Newspaper of The New York Herald, August 15, 1861, Page 1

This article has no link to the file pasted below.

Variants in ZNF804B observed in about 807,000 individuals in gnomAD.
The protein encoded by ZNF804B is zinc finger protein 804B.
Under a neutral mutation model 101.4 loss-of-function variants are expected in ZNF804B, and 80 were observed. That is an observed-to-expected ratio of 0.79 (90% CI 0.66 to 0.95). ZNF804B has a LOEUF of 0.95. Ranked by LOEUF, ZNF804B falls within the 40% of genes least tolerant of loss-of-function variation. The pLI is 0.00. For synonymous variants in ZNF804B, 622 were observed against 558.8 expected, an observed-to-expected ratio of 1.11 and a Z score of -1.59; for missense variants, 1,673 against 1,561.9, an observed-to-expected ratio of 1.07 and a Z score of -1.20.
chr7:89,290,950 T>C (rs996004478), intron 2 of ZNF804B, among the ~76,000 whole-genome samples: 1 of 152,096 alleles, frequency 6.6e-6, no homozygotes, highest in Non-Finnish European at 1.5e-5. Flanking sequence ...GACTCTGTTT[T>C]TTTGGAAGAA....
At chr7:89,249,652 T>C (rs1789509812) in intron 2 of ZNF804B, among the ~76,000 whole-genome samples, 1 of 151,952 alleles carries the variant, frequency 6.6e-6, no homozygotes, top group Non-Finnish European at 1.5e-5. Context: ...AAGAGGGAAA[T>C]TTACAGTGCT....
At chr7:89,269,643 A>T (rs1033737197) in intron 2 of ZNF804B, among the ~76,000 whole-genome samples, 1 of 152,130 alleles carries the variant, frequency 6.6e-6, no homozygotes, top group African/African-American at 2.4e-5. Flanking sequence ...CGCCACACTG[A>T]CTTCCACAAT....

Newspaper of The New York Herald dated August 15, 1861 Page 1